UPDATE: We're happy to report that he has a full-time position that helps his family with financial independence.
Amina (right), who started training in January, arrived with her family in Providence in May of 2016 via the Yemeni refugee camp where she grew up. She was recommended to our program to overcome shyness which employers can interpret as low confidence. She has enough schooling to read and write Arabic, and speaks Somali and some English (at barely audible levels). Perhaps because she’s the oldest of 5, she welcomes responsibilities and from the start was a pro at making granola bars.
Amina told me (via interpreter) that she wants to be a doctor for children, or work with computers on programs to help non-English speakers. When I suggested that she might have been scared to start working, she set me straight: “Just shy, not scared.”
Clearly she is a thinker. When I asked what she would want others to know about her she said, “That I am a good person, that I watch my time. I am always thinking to the future and pushing through [any barriers].”
Meet Murekatete. At 7, her family in DR Congo scattered. She and a brother landed in Gihembe Refugee Camp in Rwanda for 18 years, before coming to Rhode Island in June of 2015. Her brother says “We left our first life, now we are on our second.”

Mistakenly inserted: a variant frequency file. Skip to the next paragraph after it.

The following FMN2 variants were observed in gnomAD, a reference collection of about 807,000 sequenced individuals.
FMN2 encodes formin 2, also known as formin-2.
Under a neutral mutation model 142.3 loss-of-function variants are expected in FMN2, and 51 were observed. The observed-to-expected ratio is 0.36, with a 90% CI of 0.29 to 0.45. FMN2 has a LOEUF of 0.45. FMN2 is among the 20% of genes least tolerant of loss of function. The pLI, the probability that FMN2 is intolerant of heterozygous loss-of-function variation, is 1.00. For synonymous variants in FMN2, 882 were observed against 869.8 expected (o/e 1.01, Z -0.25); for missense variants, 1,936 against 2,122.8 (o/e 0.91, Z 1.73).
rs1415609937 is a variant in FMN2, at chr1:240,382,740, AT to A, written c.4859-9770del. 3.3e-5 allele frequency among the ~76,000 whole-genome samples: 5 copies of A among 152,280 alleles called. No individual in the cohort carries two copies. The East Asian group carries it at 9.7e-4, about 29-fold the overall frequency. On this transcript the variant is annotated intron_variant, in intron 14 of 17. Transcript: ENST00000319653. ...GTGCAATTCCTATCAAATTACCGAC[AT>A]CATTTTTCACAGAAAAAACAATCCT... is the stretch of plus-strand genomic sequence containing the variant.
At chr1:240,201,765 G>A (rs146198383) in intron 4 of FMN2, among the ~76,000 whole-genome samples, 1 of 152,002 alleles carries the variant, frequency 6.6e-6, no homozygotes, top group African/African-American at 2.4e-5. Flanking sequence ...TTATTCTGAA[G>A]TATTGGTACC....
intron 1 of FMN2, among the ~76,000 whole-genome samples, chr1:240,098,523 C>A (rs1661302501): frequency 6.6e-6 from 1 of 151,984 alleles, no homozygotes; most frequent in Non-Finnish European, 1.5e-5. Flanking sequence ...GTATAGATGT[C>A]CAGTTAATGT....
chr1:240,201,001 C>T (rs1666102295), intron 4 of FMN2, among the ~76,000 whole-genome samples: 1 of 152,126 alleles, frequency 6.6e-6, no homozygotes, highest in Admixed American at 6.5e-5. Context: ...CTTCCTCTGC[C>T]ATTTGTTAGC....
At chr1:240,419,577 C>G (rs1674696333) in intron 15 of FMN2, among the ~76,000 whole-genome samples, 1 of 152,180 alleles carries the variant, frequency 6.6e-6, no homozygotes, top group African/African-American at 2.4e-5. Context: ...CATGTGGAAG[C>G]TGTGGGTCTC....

Murekatete speaks a lot about being safe, people helping her, especially with her health. For the first time since primary school, she began attending school (ESL class).
And now Murekatete is starting her first job. She had NEVER worked, and never heard of granola before, but claims she loves the taste and the process of making it. Through an interpreter, she told us she was unsure about taking orders from a boss, but the boss (Evon) is there to “help you learn and do things better.” We’ve enjoyed seeing Murekatete coming out of her shell. She said she likes to ‘learn and do’; she is doing a lot of that at Beautiful Day.